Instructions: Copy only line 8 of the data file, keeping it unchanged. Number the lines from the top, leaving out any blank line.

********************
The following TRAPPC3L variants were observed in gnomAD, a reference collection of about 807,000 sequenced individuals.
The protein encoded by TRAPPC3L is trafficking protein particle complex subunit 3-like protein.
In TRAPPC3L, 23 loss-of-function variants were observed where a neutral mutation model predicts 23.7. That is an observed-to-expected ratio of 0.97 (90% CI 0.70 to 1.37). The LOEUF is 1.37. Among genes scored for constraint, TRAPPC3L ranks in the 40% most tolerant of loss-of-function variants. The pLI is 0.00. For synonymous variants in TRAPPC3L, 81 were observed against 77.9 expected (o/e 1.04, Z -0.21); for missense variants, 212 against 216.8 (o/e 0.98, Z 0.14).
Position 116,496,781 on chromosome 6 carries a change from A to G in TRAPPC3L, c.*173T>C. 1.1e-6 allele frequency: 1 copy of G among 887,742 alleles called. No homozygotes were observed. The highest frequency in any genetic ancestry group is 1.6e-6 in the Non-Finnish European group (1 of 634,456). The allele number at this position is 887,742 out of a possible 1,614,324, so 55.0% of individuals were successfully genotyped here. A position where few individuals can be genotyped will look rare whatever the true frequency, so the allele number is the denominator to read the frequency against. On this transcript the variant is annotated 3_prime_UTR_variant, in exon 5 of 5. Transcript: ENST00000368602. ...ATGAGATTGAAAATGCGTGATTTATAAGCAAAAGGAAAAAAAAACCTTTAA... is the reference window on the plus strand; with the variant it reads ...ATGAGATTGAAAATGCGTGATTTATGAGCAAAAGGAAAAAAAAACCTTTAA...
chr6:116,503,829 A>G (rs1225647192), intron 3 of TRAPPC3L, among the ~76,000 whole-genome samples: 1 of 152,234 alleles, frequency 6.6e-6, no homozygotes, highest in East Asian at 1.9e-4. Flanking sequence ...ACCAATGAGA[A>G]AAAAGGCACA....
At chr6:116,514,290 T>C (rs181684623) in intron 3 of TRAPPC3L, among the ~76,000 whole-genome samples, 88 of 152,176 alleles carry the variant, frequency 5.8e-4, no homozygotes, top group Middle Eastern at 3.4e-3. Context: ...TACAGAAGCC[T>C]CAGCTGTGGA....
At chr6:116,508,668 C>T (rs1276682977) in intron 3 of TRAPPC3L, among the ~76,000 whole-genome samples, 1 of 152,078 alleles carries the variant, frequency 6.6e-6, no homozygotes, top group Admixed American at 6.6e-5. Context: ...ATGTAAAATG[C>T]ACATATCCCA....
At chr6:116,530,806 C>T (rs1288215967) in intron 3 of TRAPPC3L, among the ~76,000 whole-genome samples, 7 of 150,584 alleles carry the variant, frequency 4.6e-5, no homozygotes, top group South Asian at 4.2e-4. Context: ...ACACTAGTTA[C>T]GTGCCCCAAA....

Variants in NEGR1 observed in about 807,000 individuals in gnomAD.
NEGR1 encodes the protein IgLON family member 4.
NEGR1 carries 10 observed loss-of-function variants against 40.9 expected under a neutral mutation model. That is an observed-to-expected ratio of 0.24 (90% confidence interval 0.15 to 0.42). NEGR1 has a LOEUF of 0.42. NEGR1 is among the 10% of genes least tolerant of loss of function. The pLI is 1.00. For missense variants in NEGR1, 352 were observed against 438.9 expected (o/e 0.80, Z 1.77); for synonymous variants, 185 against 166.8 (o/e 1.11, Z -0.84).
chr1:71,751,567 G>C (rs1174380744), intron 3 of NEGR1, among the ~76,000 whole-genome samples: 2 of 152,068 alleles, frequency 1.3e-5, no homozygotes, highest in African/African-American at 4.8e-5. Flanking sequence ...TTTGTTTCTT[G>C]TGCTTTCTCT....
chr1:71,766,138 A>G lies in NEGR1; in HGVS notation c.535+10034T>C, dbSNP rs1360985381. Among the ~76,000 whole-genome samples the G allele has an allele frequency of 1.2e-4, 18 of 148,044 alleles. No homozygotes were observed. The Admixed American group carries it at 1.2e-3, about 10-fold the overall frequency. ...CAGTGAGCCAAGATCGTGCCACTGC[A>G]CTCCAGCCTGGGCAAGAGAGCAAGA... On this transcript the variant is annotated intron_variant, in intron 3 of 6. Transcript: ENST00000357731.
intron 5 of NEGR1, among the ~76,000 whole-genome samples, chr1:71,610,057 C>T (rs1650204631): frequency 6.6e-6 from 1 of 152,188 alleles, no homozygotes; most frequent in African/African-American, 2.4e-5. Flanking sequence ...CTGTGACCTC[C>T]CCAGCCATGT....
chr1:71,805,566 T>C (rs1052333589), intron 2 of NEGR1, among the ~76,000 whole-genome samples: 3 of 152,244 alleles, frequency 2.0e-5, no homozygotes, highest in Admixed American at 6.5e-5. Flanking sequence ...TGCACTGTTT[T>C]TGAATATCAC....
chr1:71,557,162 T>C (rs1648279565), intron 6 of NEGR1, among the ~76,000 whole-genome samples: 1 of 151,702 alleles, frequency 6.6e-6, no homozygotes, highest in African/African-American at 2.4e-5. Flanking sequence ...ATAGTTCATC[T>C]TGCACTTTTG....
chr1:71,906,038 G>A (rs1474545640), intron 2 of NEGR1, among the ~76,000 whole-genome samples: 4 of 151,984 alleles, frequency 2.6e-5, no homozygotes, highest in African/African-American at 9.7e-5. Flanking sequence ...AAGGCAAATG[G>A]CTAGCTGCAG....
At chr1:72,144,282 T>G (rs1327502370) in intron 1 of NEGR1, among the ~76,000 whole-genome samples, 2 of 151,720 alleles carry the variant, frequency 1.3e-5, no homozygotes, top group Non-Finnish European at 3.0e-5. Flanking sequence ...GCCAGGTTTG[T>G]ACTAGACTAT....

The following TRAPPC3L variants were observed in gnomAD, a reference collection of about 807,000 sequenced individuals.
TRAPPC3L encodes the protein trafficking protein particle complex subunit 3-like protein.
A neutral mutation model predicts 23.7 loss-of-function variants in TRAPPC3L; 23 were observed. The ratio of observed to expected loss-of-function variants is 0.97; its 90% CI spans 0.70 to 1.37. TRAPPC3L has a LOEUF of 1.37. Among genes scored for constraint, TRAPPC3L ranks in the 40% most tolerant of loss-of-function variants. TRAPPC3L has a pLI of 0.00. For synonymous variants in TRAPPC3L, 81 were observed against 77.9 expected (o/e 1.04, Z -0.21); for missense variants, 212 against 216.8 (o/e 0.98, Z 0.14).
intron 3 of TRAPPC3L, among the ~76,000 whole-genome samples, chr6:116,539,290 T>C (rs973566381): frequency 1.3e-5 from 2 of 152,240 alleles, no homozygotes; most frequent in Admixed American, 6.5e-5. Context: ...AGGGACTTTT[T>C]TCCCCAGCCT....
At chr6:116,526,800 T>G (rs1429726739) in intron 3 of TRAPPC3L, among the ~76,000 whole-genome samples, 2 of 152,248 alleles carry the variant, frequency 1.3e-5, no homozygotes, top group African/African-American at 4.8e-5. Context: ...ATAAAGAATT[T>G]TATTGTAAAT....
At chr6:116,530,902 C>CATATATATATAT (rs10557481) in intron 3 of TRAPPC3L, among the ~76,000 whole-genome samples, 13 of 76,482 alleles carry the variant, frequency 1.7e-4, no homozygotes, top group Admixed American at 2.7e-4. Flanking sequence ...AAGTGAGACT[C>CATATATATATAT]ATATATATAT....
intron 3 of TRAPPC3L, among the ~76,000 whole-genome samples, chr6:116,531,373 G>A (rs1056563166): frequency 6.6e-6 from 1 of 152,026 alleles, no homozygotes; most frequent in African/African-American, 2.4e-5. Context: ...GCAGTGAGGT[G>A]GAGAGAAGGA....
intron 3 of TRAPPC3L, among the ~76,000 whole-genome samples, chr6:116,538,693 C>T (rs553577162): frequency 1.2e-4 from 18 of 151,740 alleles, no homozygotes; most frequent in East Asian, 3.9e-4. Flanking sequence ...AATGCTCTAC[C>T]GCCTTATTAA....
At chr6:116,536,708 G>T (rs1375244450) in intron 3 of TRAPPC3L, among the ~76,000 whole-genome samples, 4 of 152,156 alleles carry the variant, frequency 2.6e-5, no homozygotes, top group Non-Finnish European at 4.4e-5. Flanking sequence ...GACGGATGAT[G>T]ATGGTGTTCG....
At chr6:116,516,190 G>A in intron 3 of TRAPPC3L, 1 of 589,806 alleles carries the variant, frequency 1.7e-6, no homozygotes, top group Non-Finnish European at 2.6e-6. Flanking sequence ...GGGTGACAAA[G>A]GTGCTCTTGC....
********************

At chr6:116,530,806 C>T (rs1288215967) in intron 3 of TRAPPC3L, among the ~76,000 whole-genome samples, 7 of 150,584 alleles carry the variant, frequency 4.6e-5, no homozygotes, top group South Asian at 4.2e-4. Context: ...ACACTAGTTA[C>T]GTGCCCCAAA....